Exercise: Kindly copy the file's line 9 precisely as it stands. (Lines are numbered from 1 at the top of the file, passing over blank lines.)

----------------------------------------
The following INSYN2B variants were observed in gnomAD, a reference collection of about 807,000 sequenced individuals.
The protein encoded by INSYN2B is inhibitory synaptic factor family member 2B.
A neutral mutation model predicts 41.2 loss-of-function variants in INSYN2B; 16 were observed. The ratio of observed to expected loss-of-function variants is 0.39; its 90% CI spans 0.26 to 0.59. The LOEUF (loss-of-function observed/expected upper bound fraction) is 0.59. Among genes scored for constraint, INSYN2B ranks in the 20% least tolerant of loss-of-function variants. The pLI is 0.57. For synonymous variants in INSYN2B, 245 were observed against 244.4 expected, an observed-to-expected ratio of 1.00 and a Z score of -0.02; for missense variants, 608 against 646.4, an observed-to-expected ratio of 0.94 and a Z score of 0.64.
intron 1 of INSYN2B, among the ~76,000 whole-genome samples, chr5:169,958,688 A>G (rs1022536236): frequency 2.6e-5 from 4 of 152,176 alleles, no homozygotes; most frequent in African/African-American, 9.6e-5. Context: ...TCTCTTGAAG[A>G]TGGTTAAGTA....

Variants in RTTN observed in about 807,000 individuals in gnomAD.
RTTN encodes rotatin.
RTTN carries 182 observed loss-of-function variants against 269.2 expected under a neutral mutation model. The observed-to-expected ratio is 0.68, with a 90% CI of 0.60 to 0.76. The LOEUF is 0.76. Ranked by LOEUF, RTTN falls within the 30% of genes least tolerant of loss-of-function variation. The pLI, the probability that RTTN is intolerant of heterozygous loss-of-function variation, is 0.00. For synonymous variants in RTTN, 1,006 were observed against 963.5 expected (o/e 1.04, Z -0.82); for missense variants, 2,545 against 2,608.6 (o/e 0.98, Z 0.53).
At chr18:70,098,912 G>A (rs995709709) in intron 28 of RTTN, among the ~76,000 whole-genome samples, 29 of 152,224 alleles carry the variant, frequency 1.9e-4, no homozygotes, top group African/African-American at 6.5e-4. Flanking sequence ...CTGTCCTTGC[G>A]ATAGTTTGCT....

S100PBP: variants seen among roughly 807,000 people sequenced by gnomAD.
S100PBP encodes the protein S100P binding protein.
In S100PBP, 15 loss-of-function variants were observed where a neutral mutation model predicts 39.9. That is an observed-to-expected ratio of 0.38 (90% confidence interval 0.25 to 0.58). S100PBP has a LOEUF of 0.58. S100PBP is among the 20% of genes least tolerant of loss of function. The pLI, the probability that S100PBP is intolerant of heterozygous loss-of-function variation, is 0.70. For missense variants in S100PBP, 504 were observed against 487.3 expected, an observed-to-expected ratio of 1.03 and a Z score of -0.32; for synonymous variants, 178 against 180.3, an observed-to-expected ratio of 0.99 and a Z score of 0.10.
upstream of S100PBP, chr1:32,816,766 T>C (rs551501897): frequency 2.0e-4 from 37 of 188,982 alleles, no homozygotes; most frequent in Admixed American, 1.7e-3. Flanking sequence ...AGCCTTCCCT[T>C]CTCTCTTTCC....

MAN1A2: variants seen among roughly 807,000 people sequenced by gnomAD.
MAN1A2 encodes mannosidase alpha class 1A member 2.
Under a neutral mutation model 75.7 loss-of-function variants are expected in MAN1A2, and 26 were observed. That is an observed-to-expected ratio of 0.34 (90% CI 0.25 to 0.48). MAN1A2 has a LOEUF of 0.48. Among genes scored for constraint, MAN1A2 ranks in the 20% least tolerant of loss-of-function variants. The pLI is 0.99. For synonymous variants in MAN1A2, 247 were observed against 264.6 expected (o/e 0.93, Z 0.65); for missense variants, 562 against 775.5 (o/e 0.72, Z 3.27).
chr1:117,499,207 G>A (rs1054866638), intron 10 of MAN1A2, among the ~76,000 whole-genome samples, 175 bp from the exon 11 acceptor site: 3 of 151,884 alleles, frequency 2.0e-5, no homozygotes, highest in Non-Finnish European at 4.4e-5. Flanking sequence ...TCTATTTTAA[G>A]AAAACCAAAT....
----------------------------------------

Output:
S100PBP: variants seen among roughly 807,000 people sequenced by gnomAD.